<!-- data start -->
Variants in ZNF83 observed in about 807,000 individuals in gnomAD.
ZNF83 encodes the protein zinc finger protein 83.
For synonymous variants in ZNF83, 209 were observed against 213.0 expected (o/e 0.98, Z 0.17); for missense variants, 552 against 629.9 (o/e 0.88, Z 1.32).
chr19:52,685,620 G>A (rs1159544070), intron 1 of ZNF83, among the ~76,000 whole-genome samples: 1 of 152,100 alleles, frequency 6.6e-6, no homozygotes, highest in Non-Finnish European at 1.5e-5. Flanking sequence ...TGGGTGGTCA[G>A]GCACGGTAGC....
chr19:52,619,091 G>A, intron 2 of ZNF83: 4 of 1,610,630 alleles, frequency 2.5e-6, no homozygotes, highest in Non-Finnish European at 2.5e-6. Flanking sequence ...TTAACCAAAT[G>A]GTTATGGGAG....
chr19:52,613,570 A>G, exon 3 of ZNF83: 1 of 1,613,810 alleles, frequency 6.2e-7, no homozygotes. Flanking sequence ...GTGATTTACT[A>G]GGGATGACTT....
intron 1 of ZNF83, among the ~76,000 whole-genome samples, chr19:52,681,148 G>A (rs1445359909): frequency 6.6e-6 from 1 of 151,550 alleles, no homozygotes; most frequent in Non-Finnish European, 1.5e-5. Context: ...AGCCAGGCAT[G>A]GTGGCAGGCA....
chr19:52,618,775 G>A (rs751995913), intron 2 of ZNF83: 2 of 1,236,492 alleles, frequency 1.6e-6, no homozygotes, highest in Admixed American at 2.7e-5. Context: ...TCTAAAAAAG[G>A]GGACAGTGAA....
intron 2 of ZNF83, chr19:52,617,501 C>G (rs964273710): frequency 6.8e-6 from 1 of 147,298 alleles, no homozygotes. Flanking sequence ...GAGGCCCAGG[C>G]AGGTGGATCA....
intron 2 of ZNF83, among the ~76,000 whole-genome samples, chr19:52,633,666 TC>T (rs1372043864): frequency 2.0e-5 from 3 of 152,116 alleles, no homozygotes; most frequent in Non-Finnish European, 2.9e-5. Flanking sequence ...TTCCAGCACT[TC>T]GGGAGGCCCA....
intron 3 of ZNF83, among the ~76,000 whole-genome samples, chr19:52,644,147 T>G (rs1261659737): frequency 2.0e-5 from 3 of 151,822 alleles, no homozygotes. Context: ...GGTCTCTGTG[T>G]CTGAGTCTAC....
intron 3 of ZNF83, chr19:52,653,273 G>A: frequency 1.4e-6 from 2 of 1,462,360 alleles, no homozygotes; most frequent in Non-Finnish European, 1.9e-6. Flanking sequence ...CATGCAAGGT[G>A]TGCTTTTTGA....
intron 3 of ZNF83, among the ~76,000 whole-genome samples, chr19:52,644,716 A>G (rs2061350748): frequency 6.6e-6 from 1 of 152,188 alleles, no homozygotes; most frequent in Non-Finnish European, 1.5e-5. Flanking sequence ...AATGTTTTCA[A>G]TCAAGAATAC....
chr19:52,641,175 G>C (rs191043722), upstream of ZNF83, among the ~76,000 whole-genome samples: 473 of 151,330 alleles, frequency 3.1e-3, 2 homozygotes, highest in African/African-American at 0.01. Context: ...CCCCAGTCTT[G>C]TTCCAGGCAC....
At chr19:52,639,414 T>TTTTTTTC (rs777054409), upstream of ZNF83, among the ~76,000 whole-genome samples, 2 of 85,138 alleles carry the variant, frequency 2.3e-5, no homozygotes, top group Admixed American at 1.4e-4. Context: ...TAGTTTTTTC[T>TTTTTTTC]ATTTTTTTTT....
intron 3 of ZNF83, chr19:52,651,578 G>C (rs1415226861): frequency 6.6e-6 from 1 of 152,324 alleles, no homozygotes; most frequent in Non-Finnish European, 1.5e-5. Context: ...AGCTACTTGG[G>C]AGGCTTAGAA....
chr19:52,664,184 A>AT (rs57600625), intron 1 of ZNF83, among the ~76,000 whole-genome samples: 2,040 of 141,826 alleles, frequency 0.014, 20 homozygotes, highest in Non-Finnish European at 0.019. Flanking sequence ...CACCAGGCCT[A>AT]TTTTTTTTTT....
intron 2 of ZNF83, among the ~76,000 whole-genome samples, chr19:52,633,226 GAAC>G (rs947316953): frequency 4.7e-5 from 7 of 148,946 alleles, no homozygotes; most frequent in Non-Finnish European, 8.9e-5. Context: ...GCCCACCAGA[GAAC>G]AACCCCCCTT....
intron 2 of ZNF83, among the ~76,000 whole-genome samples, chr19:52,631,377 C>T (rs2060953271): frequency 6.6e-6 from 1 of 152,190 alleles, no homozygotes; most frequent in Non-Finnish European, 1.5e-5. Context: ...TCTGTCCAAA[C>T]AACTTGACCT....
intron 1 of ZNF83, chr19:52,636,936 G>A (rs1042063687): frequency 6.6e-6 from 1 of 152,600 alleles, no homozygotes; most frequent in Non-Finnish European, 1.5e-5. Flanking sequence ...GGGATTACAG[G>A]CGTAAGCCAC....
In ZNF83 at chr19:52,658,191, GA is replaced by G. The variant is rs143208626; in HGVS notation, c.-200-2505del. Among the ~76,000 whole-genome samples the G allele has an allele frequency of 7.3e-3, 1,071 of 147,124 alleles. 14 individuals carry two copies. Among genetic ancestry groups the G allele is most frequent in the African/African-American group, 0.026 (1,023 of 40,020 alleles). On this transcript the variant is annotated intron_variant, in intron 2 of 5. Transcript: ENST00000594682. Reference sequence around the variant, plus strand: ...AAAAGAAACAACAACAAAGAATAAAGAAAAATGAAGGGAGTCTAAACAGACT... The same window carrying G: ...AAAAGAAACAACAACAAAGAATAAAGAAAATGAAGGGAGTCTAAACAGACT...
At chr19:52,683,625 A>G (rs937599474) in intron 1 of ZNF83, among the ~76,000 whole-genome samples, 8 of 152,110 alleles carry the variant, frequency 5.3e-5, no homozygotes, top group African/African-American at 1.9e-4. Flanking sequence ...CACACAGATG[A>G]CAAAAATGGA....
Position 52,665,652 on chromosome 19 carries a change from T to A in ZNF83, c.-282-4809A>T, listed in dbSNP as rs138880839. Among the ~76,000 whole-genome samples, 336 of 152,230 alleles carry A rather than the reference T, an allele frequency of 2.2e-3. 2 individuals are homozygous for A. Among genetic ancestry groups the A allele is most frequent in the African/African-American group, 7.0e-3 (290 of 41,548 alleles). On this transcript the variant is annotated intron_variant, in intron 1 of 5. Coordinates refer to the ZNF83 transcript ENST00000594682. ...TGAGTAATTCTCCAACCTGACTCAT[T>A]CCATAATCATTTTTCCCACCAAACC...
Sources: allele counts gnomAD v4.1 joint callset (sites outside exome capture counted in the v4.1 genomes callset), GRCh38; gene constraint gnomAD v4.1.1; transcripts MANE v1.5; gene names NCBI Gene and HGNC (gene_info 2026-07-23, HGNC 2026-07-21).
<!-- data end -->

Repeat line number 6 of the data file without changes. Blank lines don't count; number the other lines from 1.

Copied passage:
chr19:52,613,570 A>G, exon 3 of ZNF83: 1 of 1,613,810 alleles, frequency 6.2e-7, no homozygotes. Flanking sequence ...GTGATTTACT[A>G]GGGATGACTT....